The windows are also open to different countries for different reasons. The ERI, MR3, and the RLF are open to a predefined list of countries, while the others maintain more complex criteria. For example, the WHR and DRF+’s criteria include hosting a certain number of refugees, having a protection framework in place, and establishing a strategy to foster long-term integration. Indeed, the WHR even has a Refugee Policy Review Framework (RPRF) to identify reform opportunities and inform investment decisions.

Trust funds

Trust funds are financing arrangements set up between an MDB and either a single or multiple donors. While the MDB can use its financing, operational, and technical capabilities to support or even manage a project, its overall goal, design, and decision-making process can be external to the operating MDB. We found three relevant large trust funds, including the Global Islamic Fund for Refugees (GIFR), the Global Concessional Financing Facility (GCFF), and the Global Knowledge Partnership on Migration and Development (KNOMAD). The GCFF is particularly interesting as it helps middle-income countries access unique concessional financing to support the costs of hosting refugees.


We grouped projects that support improved outcomes for economic migrants and refugees into five categories. In these projects, they may be the primary beneficiary (e.g., the project is designed to explicitly support improved outcomes) or a secondary beneficiary (e.g., the project is designed to support citizens but there are spillover benefits, such as the improvement of infrastructure in migrant-hosting areas).

  1. Improving infrastructure and access to services. This often takes the form of expanding access to energy, water, roads, schools, and health clinics in economic migrant- and refugee-hosting areas. For example, in Sierra Leone, the TSF is funding a project to expand access to energy, water and roads in communities where refugees live.

  2. Addressing barriers to integration. Many projects aim to provide employment opportunities to economic migrants and refugees, helping to increase earnings, foster self-reliance, increase tax revenues, and generate development gains. This includes access to regular status, such as the GCFF and IaDB investment for the economic inclusion of Venezuelans through the implementation of the Temporary Statute for the Protection of Venezuelan Migrants (EPTV).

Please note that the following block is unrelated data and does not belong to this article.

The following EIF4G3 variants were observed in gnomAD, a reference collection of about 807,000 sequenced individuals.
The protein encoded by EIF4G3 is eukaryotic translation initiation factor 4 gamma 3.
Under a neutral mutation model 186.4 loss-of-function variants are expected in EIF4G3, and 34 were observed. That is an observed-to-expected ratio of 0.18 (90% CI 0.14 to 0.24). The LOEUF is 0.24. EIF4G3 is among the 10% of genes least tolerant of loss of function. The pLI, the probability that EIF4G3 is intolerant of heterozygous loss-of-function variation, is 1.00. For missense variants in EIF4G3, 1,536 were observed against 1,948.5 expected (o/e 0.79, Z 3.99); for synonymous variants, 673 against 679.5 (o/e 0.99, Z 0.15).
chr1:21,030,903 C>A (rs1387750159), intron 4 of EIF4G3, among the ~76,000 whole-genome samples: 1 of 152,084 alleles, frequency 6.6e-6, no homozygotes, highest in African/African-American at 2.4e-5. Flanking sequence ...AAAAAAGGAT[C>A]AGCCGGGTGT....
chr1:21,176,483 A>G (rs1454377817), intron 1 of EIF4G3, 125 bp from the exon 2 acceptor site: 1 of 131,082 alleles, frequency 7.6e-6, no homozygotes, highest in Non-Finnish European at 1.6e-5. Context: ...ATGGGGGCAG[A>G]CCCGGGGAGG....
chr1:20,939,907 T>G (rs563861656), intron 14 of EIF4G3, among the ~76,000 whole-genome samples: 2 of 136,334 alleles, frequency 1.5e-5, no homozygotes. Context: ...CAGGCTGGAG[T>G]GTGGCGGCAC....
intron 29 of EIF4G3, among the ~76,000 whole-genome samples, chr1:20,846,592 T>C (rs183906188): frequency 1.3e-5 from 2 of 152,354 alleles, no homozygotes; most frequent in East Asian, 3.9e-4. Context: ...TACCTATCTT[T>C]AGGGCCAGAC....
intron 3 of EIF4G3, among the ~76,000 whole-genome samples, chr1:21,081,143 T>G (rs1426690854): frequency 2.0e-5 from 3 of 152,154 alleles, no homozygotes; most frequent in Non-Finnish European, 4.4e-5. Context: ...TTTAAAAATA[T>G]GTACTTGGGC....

3. Expanding access to financial capital. Most MDBs support economic migrant- and refugee-owned businesses with capital, and some also work on facilitating broader financial transfers such as remittances and diaspora investments. In particular, the EIB and EBRD’s windows provide credit lines to small- and medium-size enterprises (SMEs) to support improved outcomes.

  4. Developing skills through education and training. This could include providing direct training opportunities to economic migrants and refugees and/or integrating them into national education systems. For example, the EBRD is implementing several training and skill-building programs for Syrian refugees and host communities in Turkey and Jordan.

  5. Complementing humanitarian responses. Some MDBs, particularly the ADB, aim to provide beneficiary member countries with access to finance post disasters, while others work on improving infrastructure within refugee camps.

What challenges are MDBs facing?

All interviewees noted that any expansion of support would be hampered by a number of challenges, five of which we discussed in our paper: